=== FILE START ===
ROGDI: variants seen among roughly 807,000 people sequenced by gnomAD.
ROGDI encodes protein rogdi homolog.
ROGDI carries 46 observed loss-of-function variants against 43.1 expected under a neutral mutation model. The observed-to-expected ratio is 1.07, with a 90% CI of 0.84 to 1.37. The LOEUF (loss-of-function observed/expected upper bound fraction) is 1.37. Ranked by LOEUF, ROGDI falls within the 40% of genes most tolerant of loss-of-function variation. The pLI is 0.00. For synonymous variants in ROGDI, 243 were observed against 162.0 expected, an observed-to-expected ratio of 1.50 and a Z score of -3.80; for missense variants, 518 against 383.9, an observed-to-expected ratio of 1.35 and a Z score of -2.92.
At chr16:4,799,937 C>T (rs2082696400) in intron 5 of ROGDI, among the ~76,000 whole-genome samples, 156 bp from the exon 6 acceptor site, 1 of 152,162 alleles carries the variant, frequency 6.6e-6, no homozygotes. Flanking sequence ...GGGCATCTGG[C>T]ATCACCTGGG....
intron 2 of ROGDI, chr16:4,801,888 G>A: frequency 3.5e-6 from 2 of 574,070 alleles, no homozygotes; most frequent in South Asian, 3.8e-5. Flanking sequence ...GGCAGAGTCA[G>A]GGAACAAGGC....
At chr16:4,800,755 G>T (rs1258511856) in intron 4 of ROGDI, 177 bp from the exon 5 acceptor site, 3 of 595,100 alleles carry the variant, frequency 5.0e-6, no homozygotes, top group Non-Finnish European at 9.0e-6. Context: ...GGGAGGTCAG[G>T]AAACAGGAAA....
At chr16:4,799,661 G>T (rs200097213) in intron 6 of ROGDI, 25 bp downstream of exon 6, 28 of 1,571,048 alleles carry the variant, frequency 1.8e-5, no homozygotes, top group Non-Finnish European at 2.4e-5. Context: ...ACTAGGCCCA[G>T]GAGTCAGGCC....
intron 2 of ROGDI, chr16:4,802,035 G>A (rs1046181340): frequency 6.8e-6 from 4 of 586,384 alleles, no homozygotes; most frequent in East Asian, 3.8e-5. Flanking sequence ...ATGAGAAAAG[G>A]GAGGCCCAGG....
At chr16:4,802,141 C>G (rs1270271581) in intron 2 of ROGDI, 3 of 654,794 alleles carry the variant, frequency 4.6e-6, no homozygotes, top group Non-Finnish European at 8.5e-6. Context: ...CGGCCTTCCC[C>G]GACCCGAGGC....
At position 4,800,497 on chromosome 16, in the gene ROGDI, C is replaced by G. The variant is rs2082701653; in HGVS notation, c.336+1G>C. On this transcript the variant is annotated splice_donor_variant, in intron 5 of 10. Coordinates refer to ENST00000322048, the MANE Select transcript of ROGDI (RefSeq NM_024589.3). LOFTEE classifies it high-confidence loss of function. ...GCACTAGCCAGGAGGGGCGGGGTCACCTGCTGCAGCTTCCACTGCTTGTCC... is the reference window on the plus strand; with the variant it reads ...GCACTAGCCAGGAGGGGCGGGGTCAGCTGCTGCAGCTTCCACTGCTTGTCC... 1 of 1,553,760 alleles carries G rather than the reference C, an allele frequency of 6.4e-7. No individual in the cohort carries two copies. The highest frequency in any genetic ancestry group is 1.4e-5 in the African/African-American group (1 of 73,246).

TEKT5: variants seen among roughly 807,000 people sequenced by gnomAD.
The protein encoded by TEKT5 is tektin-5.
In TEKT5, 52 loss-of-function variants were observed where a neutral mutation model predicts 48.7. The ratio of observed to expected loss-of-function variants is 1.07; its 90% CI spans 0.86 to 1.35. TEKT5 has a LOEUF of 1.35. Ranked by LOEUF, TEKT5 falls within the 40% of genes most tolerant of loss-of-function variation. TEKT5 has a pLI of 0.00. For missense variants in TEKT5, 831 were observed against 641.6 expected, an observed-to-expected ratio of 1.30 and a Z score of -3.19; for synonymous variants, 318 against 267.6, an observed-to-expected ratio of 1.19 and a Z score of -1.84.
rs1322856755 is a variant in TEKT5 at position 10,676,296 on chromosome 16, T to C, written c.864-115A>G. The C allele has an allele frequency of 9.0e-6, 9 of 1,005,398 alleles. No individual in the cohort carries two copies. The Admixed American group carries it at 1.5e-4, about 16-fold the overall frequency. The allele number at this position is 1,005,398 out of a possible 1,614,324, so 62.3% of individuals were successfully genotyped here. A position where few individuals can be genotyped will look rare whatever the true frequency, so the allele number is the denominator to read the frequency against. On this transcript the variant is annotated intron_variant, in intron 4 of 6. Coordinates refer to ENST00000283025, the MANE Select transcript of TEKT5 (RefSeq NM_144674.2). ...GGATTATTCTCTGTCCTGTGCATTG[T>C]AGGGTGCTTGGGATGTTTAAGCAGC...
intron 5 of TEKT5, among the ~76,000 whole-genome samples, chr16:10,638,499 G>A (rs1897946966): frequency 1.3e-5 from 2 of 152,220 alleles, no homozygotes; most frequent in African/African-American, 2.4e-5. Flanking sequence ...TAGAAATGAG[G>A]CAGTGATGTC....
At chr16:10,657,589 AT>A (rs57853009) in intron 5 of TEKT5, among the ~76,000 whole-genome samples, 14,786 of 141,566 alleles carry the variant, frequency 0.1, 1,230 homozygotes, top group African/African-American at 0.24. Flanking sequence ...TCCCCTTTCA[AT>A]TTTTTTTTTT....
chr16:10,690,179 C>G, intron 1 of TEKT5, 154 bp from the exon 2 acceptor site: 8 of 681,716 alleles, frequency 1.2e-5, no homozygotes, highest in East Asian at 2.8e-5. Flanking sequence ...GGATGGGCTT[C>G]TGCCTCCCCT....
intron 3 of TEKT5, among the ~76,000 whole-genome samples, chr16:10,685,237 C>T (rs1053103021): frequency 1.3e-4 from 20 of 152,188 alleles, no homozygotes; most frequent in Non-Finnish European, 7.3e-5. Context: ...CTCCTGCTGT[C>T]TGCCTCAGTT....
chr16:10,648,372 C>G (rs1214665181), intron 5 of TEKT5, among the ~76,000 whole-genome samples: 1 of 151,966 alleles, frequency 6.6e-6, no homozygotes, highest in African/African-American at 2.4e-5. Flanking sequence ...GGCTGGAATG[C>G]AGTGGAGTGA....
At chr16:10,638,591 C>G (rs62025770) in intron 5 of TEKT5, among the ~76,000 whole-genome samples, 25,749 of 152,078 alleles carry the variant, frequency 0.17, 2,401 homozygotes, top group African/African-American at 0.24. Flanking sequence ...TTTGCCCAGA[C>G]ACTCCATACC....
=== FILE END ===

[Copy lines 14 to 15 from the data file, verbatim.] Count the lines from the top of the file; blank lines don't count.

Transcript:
rs1322856755 is a variant in TEKT5 at position 10,676,296 on chromosome 16, T to C, written c.864-115A>G. The C allele has an allele frequency of 9.0e-6, 9 of 1,005,398 alleles. No individual in the cohort carries two copies. The Admixed American group carries it at 1.5e-4, about 16-fold the overall frequency. The allele number at this position is 1,005,398 out of a possible 1,614,324, so 62.3% of individuals were successfully genotyped here. A position where few individuals can be genotyped will look rare whatever the true frequency, so the allele number is the denominator to read the frequency against. On this transcript the variant is annotated intron_variant, in intron 4 of 6. Coordinates refer to ENST00000283025, the MANE Select transcript of TEKT5 (RefSeq NM_144674.2). ...GGATTATTCTCTGTCCTGTGCATTG[T>C]AGGGTGCTTGGGATGTTTAAGCAGC...
intron 5 of TEKT5, among the ~76,000 whole-genome samples, chr16:10,638,499 G>A (rs1897946966): frequency 1.3e-5 from 2 of 152,220 alleles, no homozygotes; most frequent in African/African-American, 2.4e-5. Flanking sequence ...TAGAAATGAG[G>A]CAGTGATGTC....